It might seem like the Colorado economy is thriving because of low unemployment, but the economy is still failing to benefit all Coloradans. Despite the narrative of economic prosperity, most Colorado workers continue to face economic hardships because their median hourly wages have hardly changed in years despite rapidly increasing rents and costs of living.
The Colorado median hourly wage was $18.92 in 2016. When adjusted for inflation, the median hourly wage in 2016 was $0.78 lower than in 2007. And after inflation adjustments, the median hourly wage in 2016 was 2% lower than the year 2000! This is unacceptable, especially considering the economic progress our state has made and the boom-times that many corporations in our area are experiencing. Our economic growth should benefit everyone?especially the workers at the foundation of our progress. With wages stagnant, the economy simply isn’t performing for working families. The Denver Post Editorial Board summed it up: the American system is failing to live up to a basic promise to its workers.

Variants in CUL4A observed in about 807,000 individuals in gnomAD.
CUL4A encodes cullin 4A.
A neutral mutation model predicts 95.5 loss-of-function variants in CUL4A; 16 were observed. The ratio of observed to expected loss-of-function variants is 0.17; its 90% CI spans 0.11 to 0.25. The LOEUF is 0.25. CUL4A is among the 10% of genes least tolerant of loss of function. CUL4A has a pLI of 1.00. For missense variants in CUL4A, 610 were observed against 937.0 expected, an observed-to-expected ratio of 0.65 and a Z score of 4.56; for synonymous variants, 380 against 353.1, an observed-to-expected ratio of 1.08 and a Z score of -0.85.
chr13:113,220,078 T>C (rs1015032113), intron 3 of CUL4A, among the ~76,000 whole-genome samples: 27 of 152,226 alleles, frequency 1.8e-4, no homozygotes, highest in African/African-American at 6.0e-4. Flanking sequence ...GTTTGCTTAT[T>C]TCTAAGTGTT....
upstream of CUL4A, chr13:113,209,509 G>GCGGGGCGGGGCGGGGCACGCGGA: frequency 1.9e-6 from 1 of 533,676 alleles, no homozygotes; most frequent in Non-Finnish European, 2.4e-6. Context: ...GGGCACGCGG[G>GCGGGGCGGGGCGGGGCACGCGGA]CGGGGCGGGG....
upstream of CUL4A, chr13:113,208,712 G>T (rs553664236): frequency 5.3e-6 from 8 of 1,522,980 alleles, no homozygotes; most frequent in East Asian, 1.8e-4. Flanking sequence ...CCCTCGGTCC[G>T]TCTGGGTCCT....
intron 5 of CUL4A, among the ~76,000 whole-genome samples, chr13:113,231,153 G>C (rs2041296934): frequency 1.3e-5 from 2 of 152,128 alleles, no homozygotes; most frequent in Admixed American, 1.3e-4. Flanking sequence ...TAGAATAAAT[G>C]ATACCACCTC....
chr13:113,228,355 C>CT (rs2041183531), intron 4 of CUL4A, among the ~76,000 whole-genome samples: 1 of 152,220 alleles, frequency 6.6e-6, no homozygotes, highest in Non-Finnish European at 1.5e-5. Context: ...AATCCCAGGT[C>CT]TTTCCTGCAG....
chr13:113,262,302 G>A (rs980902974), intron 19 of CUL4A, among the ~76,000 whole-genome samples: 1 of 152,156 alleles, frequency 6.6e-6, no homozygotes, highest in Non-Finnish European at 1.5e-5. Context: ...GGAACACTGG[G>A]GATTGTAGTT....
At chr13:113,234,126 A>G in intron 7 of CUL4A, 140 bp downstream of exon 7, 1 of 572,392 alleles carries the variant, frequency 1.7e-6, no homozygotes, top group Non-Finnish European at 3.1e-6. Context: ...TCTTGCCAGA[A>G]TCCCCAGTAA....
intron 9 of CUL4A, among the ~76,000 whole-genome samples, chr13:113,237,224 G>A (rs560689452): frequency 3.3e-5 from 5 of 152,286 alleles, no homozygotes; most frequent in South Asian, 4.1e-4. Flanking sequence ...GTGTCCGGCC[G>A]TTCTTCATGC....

Wage inequality makes it even harder for working Coloradans to feel like this promise has been kept. Higher wages and the benefits of a booming economy are often clustered in the hands of the wealthy few. According to The Denver Post, the top 20% of wage earners have seen a 6.3% increase in wages since 2000 and the top 10% of earners have seen a 12.2% increase in wages. The vast majority of working people in Colorado have not experienced these gains?their median wages were higher in 2000 than in 2016.
The inequality between company executives and most working Coloradans is even worse. CEO pay ratios released this year for the first time revealed that it takes just three workdays, on average, for the CEO of a public company in Colorado to earn as much money as the typical worker at the same firm does in an entire year. Increasing the wages of hardworking Coloradans must be a priority, especially because the gains are long delayed and nowhere near enough to keep up with rising living costs.
In the face of stagnated wages, economic inequality, and rising costs of living, it’s more important than ever that our elected officials pledge their commitment to supporting Colorado working families by supporting the seven pillars of the Working People’s Platform:
- The freedom to form a union without interference or fear of retaliation
- Higher wages
- Racial justice
- Immigrant justice
- Affordable, quality healthcare
- Affordable housing
- A clean environment